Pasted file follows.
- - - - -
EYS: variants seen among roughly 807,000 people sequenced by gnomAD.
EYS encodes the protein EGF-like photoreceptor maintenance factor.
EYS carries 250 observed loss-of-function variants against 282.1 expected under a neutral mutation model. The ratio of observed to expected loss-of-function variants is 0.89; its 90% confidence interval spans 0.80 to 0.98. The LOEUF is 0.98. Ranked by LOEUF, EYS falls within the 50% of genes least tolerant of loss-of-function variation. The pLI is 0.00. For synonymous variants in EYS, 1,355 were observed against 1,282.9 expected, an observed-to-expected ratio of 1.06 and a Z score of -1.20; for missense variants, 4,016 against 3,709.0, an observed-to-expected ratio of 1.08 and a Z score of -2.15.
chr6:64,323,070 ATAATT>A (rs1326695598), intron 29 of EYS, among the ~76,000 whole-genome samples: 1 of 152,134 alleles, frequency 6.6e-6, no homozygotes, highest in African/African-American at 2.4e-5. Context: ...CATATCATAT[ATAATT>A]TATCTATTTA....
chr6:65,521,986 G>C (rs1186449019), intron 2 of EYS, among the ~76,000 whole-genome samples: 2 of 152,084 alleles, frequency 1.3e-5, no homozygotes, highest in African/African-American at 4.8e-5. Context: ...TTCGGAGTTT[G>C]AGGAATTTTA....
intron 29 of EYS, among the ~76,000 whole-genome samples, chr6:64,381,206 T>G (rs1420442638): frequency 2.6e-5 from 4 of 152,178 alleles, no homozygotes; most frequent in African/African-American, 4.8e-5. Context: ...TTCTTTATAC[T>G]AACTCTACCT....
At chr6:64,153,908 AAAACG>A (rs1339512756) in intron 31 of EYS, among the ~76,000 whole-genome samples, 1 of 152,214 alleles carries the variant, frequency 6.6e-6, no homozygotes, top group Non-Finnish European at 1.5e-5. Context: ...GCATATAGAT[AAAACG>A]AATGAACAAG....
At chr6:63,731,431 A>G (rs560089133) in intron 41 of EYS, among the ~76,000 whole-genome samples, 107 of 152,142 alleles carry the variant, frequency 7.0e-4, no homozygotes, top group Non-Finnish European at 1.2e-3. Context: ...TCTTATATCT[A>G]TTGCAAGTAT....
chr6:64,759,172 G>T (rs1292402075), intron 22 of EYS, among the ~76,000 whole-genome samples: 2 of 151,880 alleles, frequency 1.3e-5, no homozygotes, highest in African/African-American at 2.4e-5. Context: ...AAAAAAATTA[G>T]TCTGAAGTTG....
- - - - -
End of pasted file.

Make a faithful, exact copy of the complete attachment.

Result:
EYS: variants seen among roughly 807,000 people sequenced by gnomAD.
EYS encodes the protein EGF-like photoreceptor maintenance factor.
EYS carries 250 observed loss-of-function variants against 282.1 expected under a neutral mutation model. The ratio of observed to expected loss-of-function variants is 0.89; its 90% confidence interval spans 0.80 to 0.98. The LOEUF is 0.98. Ranked by LOEUF, EYS falls within the 50% of genes least tolerant of loss-of-function variation. The pLI is 0.00. For synonymous variants in EYS, 1,355 were observed against 1,282.9 expected, an observed-to-expected ratio of 1.06 and a Z score of -1.20; for missense variants, 4,016 against 3,709.0, an observed-to-expected ratio of 1.08 and a Z score of -2.15.
chr6:64,323,070 ATAATT>A (rs1326695598), intron 29 of EYS, among the ~76,000 whole-genome samples: 1 of 152,134 alleles, frequency 6.6e-6, no homozygotes, highest in African/African-American at 2.4e-5. Context: ...CATATCATAT[ATAATT>A]TATCTATTTA....
chr6:65,521,986 G>C (rs1186449019), intron 2 of EYS, among the ~76,000 whole-genome samples: 2 of 152,084 alleles, frequency 1.3e-5, no homozygotes, highest in African/African-American at 4.8e-5. Context: ...TTCGGAGTTT[G>C]AGGAATTTTA....
intron 29 of EYS, among the ~76,000 whole-genome samples, chr6:64,381,206 T>G (rs1420442638): frequency 2.6e-5 from 4 of 152,178 alleles, no homozygotes; most frequent in African/African-American, 4.8e-5. Context: ...TTCTTTATAC[T>G]AACTCTACCT....
At chr6:64,153,908 AAAACG>A (rs1339512756) in intron 31 of EYS, among the ~76,000 whole-genome samples, 1 of 152,214 alleles carries the variant, frequency 6.6e-6, no homozygotes, top group Non-Finnish European at 1.5e-5. Context: ...GCATATAGAT[AAAACG>A]AATGAACAAG....
At chr6:63,731,431 A>G (rs560089133) in intron 41 of EYS, among the ~76,000 whole-genome samples, 107 of 152,142 alleles carry the variant, frequency 7.0e-4, no homozygotes, top group Non-Finnish European at 1.2e-3. Context: ...TCTTATATCT[A>G]TTGCAAGTAT....
chr6:64,759,172 G>T (rs1292402075), intron 22 of EYS, among the ~76,000 whole-genome samples: 2 of 151,880 alleles, frequency 1.3e-5, no homozygotes, highest in African/African-American at 2.4e-5. Context: ...AAAAAAATTA[G>T]TCTGAAGTTG....